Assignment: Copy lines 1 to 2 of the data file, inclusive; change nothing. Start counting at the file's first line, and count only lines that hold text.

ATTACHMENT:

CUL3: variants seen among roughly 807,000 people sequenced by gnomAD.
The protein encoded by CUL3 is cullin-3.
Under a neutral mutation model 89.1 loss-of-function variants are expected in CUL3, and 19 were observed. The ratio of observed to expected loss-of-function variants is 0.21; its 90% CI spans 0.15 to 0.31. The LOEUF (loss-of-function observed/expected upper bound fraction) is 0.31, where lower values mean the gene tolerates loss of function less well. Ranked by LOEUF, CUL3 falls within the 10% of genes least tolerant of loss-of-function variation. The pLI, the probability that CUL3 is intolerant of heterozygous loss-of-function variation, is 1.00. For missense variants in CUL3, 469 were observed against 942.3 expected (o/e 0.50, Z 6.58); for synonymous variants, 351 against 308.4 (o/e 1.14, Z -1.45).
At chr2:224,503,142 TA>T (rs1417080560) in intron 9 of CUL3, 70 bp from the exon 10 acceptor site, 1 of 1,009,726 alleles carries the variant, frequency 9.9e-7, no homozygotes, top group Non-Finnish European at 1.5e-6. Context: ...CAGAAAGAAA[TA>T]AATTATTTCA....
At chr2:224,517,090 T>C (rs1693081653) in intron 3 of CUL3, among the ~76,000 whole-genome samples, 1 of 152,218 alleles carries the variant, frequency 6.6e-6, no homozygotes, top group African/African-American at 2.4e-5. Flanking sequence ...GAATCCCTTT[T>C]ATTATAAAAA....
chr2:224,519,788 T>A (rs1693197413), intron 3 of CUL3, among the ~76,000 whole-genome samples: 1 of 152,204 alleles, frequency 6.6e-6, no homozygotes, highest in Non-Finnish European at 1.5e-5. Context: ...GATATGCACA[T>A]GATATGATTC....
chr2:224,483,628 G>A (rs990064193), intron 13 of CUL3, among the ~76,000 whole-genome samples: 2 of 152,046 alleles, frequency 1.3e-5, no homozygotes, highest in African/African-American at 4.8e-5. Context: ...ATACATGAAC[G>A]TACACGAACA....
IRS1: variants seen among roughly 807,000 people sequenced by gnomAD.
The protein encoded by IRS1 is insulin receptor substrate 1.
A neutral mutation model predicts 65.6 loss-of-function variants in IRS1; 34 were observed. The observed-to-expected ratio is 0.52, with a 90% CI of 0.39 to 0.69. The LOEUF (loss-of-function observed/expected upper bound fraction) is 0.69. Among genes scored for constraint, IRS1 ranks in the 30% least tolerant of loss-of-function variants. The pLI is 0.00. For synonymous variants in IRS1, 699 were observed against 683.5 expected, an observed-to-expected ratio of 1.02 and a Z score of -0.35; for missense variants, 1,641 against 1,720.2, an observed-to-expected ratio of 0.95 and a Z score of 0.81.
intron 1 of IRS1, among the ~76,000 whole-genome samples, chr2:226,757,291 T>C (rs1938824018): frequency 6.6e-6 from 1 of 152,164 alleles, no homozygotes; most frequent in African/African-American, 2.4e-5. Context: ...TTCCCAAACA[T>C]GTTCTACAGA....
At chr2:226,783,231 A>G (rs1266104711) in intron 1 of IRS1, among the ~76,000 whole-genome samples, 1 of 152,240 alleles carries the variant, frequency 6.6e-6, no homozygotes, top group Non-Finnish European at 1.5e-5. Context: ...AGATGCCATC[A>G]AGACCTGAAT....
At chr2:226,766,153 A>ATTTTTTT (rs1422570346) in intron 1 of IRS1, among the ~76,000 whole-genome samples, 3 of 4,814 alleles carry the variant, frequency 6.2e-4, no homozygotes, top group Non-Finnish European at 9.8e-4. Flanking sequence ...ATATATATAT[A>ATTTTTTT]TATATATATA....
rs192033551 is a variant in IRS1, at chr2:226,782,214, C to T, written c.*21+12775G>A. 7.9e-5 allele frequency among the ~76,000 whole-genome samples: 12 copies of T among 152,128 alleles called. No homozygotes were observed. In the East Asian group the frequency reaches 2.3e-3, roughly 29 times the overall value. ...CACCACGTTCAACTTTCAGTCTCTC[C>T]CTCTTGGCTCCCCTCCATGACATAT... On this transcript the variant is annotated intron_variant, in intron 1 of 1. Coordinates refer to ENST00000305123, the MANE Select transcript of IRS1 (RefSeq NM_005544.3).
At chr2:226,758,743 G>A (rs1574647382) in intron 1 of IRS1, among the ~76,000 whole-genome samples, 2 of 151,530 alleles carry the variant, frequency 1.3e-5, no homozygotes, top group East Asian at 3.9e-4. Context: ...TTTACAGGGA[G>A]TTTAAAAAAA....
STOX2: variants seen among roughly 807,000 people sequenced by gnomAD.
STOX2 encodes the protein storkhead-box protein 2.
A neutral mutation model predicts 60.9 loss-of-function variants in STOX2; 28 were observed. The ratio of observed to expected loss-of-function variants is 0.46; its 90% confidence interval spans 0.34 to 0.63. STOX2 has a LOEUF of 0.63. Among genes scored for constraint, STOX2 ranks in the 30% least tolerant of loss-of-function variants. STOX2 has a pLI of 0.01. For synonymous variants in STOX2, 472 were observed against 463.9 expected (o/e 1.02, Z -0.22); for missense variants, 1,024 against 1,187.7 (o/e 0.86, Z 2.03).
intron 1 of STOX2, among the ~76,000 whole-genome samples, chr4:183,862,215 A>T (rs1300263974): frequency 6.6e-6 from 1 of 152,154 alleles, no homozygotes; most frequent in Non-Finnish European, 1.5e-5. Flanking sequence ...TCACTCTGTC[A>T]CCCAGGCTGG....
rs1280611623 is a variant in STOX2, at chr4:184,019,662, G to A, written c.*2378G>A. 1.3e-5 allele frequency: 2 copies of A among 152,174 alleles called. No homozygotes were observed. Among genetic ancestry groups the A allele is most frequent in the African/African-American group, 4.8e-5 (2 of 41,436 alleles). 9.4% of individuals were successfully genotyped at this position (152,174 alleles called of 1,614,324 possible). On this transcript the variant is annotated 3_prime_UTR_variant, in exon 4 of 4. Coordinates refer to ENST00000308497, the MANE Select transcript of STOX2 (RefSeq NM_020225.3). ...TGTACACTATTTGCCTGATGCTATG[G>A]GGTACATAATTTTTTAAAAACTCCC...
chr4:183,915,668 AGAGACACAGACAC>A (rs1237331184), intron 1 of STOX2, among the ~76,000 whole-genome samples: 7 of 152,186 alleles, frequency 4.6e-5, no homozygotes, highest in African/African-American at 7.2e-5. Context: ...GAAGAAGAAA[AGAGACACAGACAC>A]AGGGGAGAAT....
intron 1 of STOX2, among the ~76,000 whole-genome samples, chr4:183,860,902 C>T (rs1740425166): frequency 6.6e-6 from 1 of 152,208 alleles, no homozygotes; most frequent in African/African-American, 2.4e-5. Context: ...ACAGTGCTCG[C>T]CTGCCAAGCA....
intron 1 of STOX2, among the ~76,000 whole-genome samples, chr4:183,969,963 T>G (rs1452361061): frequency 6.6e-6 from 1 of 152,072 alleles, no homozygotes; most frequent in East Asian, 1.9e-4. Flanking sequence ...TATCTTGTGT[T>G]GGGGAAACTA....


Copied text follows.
CUL3: variants seen among roughly 807,000 people sequenced by gnomAD.
The protein encoded by CUL3 is cullin-3.